Distort and Contort



You know, once you've allowed yourself to be photographed you've really given the world free reign to distort and contort your appearance.  I think of all the political news stories that feature photos of public figures that appear to be good illustrations of the contents of the story and yet predate the events depicted and were taken under circumstances often unrelated or even conflicting with the events of the news story which they were chosen to illustrate.

The old expression, "the camera never lies", seems like a reasonable thing to say in the context of the written accounts of eye-witnesses which often conflict with regards to important details, but what we see is often misunderstood and for that reason, the camera can deceive.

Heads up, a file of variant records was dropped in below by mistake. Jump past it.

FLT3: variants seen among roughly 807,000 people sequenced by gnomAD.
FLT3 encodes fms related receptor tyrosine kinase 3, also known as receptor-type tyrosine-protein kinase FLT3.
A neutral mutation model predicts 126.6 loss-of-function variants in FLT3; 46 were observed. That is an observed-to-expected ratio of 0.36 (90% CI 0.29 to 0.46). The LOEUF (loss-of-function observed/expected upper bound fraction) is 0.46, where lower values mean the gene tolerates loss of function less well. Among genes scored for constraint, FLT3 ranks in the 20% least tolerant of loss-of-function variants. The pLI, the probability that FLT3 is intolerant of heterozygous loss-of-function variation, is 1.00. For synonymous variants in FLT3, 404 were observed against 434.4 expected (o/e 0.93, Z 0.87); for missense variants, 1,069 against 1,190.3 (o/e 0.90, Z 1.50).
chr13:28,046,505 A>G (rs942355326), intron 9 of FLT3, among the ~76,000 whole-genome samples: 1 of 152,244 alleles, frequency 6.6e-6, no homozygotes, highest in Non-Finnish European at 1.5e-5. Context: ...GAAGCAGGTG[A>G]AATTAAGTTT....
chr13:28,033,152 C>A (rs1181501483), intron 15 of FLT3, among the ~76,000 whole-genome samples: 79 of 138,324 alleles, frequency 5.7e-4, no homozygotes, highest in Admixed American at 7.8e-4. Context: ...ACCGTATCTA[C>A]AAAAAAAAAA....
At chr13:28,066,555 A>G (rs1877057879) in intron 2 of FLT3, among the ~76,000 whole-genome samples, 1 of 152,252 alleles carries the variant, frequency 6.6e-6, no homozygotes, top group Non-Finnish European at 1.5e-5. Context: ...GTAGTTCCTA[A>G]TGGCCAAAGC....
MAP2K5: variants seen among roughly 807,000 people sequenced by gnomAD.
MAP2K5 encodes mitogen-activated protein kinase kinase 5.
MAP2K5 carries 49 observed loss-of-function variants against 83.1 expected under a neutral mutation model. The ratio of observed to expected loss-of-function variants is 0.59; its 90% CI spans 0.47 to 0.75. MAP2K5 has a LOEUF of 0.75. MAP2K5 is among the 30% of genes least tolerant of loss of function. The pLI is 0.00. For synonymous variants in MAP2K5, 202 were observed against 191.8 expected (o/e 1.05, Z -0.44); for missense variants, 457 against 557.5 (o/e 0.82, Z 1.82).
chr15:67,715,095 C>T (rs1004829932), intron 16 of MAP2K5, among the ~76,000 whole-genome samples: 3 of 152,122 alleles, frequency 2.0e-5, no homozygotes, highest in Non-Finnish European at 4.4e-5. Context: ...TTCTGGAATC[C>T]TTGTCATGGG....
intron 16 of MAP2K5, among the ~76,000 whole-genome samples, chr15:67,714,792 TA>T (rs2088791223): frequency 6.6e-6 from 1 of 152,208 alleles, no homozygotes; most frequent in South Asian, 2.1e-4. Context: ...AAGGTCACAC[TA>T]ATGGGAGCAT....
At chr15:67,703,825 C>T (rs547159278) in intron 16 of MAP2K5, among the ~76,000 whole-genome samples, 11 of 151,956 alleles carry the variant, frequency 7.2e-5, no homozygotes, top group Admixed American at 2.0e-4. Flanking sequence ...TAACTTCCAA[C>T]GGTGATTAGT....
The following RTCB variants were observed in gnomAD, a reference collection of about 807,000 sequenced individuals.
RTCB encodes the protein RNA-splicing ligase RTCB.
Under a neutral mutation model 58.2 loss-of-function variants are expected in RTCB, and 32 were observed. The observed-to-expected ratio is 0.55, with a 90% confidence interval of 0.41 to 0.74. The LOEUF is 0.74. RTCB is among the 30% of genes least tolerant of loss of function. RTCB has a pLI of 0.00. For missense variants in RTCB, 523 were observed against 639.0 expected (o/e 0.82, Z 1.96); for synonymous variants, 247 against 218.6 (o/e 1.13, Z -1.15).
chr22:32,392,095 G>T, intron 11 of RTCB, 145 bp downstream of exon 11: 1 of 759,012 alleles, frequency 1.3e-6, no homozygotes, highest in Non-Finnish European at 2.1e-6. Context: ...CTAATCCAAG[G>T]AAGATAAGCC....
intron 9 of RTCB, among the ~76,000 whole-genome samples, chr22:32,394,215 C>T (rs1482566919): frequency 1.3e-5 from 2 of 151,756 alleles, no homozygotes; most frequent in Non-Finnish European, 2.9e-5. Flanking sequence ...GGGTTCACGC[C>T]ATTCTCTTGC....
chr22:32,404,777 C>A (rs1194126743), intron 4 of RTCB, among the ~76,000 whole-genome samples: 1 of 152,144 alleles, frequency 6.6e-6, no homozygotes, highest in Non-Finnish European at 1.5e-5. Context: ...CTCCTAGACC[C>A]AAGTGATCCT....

I've blockwaved a hundred-year-old tinted photograph of a famous person off the Wikipedia.  That noble, inspiring man whose contribution to history has benefited hundreds of millions of people has been distorted here by me into some frightening creature of cold and cruel intent.

Well, they don't call them distortion filters for nothing.

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